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MONTREAL — Canada is bracing itself for the economic fallout of SARS.
With the Toronto area generating approximately one-fifth of all of Canada’s economic activity, what’s good for Toronto is good for Canada. The reverse is also true.
This story first appeared in the April 28, 2003 issue of WWD. Subscribe Today.
The city’s retailers, restaurants, hotels and other businesses already have been hit with the number of SARS cases diagnosed there, and the situation is expected to worsen following last week’s warning by the World Health Organization against any nonessential travel to Toronto. According to official figures, retailers are experiencing declines in traffic of anywhere from 10 to 30 percent, with the higher figure being in the city’s tourist-heavy downtown area. Several Canadian conventions have been canceled, and it’s a safe bet the average number of 15 million visitors to Toronto each year will drop significantly. Bus tours from U.S. border towns are being canceled, and some hotels have vacancy rates of more than 70 percent.
When WHO issued its warning last week, Toronto Mayor Mel Lastman reacted angrily, challenging WHO officials to visit the city to see everything was normal. Lastman claimed its warning was irresponsible because it had not contacted Canadian health officials. Further, Richard Schabas, Ontario’s former chief medical officer, claimed the SARS outbreak peaked a month ago in Canada.
According to figures from the World Health Organization and the Ontario Ministry of Health, there have been 4,836 cases of SARS diagnosed in 26 countries, including more than 269 in Canada. 293 deaths have been reported, with 20 occurring in Ontario.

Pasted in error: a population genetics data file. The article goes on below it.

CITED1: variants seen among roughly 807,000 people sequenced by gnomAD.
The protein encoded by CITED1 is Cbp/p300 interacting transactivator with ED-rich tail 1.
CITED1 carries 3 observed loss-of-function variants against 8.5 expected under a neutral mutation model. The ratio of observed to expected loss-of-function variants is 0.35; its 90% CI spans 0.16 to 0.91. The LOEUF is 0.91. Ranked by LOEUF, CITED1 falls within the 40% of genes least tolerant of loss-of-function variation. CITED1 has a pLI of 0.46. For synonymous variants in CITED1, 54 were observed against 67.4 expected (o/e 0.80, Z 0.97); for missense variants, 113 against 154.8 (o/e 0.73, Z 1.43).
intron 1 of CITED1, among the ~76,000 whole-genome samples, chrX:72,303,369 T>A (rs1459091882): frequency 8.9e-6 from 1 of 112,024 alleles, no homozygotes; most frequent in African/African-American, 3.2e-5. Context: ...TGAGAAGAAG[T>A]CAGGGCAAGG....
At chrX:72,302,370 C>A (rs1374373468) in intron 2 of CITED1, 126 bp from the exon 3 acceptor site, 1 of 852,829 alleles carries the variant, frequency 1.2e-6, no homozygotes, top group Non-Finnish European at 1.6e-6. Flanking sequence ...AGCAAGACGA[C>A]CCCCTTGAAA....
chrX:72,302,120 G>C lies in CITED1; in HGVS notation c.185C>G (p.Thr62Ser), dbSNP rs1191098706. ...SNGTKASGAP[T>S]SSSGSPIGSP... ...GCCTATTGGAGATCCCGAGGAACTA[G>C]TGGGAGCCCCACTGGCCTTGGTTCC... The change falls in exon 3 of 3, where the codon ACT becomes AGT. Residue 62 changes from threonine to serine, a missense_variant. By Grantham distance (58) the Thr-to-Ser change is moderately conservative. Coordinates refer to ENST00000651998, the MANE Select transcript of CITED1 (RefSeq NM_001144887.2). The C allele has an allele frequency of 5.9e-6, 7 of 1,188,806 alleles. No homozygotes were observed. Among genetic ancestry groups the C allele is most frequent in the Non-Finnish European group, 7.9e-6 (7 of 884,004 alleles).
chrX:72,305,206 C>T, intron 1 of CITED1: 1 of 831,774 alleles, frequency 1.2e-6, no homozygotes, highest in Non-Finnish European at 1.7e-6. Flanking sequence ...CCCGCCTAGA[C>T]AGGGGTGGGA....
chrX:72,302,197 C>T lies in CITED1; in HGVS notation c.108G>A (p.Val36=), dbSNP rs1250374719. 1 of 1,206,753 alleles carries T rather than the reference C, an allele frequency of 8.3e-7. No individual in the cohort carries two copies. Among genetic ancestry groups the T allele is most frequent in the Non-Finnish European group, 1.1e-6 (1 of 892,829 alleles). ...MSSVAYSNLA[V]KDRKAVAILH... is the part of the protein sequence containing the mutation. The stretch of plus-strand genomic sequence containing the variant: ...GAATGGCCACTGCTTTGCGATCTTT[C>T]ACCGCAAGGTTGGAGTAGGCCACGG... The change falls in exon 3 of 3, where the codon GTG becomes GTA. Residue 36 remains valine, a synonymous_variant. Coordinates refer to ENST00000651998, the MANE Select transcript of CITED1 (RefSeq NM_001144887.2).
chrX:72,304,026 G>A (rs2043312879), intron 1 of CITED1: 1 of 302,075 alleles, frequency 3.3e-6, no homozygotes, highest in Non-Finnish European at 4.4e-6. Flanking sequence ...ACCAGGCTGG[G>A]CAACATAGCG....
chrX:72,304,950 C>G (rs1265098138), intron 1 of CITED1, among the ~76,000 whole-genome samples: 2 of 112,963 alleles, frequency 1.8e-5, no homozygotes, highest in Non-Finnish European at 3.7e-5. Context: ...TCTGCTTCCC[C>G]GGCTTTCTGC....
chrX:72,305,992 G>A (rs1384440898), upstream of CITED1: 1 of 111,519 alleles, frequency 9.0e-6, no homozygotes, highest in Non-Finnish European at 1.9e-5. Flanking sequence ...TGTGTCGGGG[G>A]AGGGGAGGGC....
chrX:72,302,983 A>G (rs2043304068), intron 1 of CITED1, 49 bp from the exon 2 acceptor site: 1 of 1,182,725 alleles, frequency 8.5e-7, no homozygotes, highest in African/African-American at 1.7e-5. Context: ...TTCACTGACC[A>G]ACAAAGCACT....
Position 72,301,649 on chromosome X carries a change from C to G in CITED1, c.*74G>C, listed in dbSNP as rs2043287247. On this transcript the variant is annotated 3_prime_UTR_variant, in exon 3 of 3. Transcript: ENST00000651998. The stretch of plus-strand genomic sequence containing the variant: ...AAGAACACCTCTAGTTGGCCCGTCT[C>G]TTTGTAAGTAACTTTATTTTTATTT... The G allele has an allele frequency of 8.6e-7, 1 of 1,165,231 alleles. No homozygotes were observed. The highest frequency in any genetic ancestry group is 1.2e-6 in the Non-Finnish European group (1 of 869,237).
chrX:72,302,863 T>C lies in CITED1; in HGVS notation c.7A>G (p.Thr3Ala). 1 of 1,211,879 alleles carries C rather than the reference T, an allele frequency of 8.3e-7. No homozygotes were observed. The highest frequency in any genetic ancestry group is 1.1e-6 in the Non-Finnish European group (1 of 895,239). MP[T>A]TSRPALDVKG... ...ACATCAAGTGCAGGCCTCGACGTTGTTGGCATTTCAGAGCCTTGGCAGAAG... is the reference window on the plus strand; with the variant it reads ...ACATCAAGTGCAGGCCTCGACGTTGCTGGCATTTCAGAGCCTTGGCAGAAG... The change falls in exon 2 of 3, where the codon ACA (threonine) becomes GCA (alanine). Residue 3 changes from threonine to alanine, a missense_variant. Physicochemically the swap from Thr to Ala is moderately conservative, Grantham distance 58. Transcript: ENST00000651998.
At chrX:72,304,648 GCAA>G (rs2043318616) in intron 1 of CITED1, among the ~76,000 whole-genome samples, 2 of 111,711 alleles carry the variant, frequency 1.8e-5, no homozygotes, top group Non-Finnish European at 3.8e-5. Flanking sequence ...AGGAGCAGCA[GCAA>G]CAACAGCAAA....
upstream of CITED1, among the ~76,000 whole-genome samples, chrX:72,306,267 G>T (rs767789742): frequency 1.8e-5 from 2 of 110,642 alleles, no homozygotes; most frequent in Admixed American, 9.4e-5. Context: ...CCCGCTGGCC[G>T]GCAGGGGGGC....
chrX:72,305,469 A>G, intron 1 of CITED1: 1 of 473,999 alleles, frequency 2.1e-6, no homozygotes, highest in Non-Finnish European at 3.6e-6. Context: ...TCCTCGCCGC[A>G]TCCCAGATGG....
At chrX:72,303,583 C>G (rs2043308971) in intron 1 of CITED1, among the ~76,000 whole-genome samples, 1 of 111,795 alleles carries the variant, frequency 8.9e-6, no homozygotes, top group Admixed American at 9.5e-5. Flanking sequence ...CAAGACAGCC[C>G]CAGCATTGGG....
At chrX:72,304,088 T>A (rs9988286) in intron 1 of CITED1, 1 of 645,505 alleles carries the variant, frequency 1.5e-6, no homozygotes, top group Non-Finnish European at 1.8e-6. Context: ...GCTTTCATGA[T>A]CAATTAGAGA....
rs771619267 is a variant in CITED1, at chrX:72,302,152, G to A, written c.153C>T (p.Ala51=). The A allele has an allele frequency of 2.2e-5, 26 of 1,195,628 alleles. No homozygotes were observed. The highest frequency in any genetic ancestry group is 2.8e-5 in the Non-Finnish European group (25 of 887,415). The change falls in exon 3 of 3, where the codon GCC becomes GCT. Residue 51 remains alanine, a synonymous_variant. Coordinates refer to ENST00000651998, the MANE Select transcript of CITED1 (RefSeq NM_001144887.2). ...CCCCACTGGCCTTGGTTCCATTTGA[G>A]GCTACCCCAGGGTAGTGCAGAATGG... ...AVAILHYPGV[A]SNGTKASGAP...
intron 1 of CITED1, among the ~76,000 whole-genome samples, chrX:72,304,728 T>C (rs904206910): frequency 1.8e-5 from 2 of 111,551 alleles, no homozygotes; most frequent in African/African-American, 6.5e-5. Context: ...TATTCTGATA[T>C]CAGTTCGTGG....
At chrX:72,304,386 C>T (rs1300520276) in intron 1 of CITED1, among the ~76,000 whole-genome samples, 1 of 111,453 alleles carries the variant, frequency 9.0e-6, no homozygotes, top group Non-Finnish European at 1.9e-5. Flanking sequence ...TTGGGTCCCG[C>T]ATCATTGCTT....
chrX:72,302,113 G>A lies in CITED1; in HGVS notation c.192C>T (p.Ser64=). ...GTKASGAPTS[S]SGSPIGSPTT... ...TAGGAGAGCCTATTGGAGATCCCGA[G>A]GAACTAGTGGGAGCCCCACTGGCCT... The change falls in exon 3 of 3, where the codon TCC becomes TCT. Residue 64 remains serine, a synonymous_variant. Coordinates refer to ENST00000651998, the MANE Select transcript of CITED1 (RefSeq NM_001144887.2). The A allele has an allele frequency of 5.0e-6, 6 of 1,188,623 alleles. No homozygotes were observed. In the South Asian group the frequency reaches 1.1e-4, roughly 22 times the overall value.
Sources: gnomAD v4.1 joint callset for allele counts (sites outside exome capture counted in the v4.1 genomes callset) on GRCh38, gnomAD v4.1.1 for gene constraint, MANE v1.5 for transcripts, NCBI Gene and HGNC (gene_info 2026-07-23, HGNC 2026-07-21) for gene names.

Fear of attracting SARS in Canada was somewhat reduced when the Atlanta-based Centers for Disease Control and Prevention said the risk of contracting SARS in Canada was no greater than in any other country. The CDC also said there was no reason to avoid travel to Toronto, or any other Canadian city, as long as travelers took precautions, such as avoiding hospitals unless absolutely necessary.
“People are completely overreacting and are making decisions based on what they read in print and not on medical information,” said John Houghton, vice president of sales and marketing for the Toronto Convention Center.
The scare is even being felt in Quebec City, some 500 miles from Toronto, where registrations for conventions are down by 30 percent. That worries Pierre Bellerose of Tourism Montreal, who said it’s an indication that many people don’t have a clear understanding of the geography of Canada.
About a third of Ontario businesses said they have been impacted by the SARS scare, according to a survey by the Ontario Chamber of Commerce. The biggest loser is the hospitality sector, where sales are down by about 30 percent, while the retail sector says sales are off by 10 percent. Toronto’s Mayor Lastman has estimated retail sales are off 20 percent, and reports of 30 percent declines also have appeared in the Canadian press.
Asked about the retail falloff, Brad Ross, a spokesman for the city of Toronto, said, “We don’t know yet. We’re still trying to assess the economic impact.”
So far, though, retailers are putting on a brave face, insisting they haven’t seen any falloff in business because of the epidemic. One of the few that has admitted a falloff is Sears Canada, which has about 16 stores in the greater Toronto area.
“There’s no question we’ve been impacted by SARS, but we won’t have any concrete numbers until the end of the second quarter,” said company spokesperson Kim Daynard.
Her sentiments reflect those of her boss, Sears Canada chief executive officer Mark Cohen, who told annual meeting attendees last Tuesday that sales should start to improve late in the second quarter as the effects of the Iraqi war and SARS dissipate.
Sears also is advising employees to contact local health officials if they believe they’ve been exposed to the SARS virus.
Others continued to insist it was business as usual. Gap Inc. canceled a fashion show scheduled for the media last week in Toronto, while the head office in San Francisco has banned all travel to and from Toronto. Company spokeswoman Claudia Hawkins said Gap Inc. won’t know sales figures for Gap, Banana Republic and Old Navy stores in Canada until the end of the month, but added “shipments of goods in Toronto are moving without incident.”
Wal-Mart also has banned travel to Canada, where the company operates more than 200 stores. Yet most apparel retailers claim their business has not yet been adversely affected by the SARS scare.